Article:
By: Casey Crow
Time and again we hear, "Don’t write toward trends or try to mimic another author’s voice, but DO write what you love." Find your own voice So what is an author's voice? Wikipedia says it's "the literary term used to describe the individual writing style of an author, considered a combination of syntax, diction, punctuation, character development, and dialogue." In English? It's the tone or the way a book "sounds" and the only way to do that is to write – and not just one story.
Y'all already know all that, but why must it take writers seemingly forever to figure out what their voice is? We may have to try different genres or various lengths to figure out our strengths. Firmly establishing a strong voice off the bat will build a loyal following. A while back, RWA University hosted Stephanie Bond. Her entire workshop focused on the importance of sticking with one genre/voice until you have that solid fan base. After you are established, venture off into other genres if you want, because by then, your voice is solid and your readership intact. You’re even good enough to change your voice based on what genre you write. Some authors actually create new identities so as not to confuse readers. Nora Roberts as J.D. Robb. Jayne Ann Krentz as Amanda Quick and now Jayne Castle. Ring any bells? Even the best know the importance of cementing the right name with their readers.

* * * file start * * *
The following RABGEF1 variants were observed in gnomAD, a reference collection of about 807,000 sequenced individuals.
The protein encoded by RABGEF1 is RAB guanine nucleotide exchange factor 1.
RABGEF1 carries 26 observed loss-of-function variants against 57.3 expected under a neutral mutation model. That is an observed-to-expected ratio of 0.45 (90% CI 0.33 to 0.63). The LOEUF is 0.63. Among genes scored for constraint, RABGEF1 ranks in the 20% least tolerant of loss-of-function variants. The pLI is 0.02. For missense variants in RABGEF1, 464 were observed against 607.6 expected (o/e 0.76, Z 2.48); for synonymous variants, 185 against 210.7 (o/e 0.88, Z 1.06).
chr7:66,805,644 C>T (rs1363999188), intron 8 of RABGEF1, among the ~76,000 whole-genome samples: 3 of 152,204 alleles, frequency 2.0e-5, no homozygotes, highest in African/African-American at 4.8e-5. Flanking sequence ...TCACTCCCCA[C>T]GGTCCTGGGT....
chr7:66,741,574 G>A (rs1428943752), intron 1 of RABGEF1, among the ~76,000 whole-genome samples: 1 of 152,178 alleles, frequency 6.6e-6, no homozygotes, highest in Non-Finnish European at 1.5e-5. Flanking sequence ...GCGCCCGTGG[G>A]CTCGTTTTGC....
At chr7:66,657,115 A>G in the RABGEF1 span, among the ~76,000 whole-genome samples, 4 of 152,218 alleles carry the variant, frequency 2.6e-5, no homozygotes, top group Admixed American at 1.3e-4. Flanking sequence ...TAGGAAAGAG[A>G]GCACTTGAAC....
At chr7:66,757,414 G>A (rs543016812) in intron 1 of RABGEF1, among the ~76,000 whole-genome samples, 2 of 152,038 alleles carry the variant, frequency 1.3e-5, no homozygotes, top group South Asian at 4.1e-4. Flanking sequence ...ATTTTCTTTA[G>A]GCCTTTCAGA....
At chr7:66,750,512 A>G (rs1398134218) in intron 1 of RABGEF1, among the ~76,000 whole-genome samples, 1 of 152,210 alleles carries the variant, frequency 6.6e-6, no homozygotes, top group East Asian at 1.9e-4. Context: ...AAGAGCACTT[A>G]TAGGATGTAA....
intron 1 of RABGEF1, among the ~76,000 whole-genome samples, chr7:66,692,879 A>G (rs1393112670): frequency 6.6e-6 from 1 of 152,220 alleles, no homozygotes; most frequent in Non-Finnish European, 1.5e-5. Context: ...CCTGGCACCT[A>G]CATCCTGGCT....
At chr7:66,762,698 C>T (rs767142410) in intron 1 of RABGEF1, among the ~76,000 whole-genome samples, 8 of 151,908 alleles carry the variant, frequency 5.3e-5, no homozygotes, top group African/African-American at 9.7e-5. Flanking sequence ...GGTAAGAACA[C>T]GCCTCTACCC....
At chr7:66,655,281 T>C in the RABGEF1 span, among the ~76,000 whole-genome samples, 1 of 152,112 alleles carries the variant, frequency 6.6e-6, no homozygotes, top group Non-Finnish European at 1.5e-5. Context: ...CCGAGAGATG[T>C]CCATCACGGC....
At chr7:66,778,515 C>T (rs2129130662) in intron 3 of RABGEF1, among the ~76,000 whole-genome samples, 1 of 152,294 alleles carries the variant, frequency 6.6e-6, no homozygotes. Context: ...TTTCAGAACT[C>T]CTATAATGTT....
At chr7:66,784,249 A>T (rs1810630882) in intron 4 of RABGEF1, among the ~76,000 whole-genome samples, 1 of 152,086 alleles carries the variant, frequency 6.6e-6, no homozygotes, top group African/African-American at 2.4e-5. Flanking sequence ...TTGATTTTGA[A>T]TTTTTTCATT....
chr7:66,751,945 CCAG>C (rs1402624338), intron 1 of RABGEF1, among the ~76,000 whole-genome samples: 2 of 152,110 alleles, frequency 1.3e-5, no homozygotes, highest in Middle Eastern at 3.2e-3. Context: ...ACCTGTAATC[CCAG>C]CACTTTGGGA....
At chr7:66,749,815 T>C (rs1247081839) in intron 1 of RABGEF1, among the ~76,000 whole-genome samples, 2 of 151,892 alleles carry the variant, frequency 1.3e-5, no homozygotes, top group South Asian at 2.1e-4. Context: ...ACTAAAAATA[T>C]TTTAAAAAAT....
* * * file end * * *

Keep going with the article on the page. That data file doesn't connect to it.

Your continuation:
What's your voice? Did it take you a while to figure it out? Do you stick to the same genre or branch out? Did you automatically know how to describe it or did you need a little help?
I wish I could take credit for coming up with describing my voice description and thus, tagline, "Sexy, Sassy & Southern," but it was the brainchild of my mentor, the incredible, RITA nominated Cynthia Eden. My voice is sexy because my heroines know what they want and go after it, which yields passionate sex scenes. The sassy comes into play because these girls are fun and flirty and southern because they have the slow drawl of sweet molasses.